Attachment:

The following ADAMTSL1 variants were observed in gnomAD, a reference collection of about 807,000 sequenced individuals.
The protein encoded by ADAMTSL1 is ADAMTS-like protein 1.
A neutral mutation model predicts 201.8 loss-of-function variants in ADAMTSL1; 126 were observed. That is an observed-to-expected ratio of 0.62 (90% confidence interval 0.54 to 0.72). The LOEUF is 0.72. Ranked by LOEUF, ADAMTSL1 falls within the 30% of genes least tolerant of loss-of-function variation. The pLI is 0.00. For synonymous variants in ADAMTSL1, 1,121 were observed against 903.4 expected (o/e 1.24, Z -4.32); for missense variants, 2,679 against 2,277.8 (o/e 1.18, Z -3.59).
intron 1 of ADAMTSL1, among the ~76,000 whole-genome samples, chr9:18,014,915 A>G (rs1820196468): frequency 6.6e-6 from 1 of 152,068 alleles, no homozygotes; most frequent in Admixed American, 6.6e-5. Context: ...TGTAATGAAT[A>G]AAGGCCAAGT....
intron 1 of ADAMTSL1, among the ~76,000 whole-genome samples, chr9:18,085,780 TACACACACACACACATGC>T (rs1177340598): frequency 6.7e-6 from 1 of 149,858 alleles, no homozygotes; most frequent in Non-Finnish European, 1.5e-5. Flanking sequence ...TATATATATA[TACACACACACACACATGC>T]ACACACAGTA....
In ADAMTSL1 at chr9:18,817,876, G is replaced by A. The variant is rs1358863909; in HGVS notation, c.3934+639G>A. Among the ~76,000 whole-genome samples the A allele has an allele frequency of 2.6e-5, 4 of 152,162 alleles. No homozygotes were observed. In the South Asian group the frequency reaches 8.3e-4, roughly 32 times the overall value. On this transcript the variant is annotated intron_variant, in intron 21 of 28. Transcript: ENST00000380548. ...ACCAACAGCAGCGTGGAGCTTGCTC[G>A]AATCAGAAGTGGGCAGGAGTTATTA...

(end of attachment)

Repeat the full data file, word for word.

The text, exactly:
The following ADAMTSL1 variants were observed in gnomAD, a reference collection of about 807,000 sequenced individuals.
The protein encoded by ADAMTSL1 is ADAMTS-like protein 1.
A neutral mutation model predicts 201.8 loss-of-function variants in ADAMTSL1; 126 were observed. That is an observed-to-expected ratio of 0.62 (90% confidence interval 0.54 to 0.72). The LOEUF is 0.72. Ranked by LOEUF, ADAMTSL1 falls within the 30% of genes least tolerant of loss-of-function variation. The pLI is 0.00. For synonymous variants in ADAMTSL1, 1,121 were observed against 903.4 expected (o/e 1.24, Z -4.32); for missense variants, 2,679 against 2,277.8 (o/e 1.18, Z -3.59).
intron 1 of ADAMTSL1, among the ~76,000 whole-genome samples, chr9:18,014,915 A>G (rs1820196468): frequency 6.6e-6 from 1 of 152,068 alleles, no homozygotes; most frequent in Admixed American, 6.6e-5. Context: ...TGTAATGAAT[A>G]AAGGCCAAGT....
intron 1 of ADAMTSL1, among the ~76,000 whole-genome samples, chr9:18,085,780 TACACACACACACACATGC>T (rs1177340598): frequency 6.7e-6 from 1 of 149,858 alleles, no homozygotes; most frequent in Non-Finnish European, 1.5e-5. Flanking sequence ...TATATATATA[TACACACACACACACATGC>T]ACACACAGTA....
In ADAMTSL1 at chr9:18,817,876, G is replaced by A. The variant is rs1358863909; in HGVS notation, c.3934+639G>A. Among the ~76,000 whole-genome samples the A allele has an allele frequency of 2.6e-5, 4 of 152,162 alleles. No homozygotes were observed. In the South Asian group the frequency reaches 8.3e-4, roughly 32 times the overall value. On this transcript the variant is annotated intron_variant, in intron 21 of 28. Transcript: ENST00000380548. ...ACCAACAGCAGCGTGGAGCTTGCTC[G>A]AATCAGAAGTGGGCAGGAGTTATTA...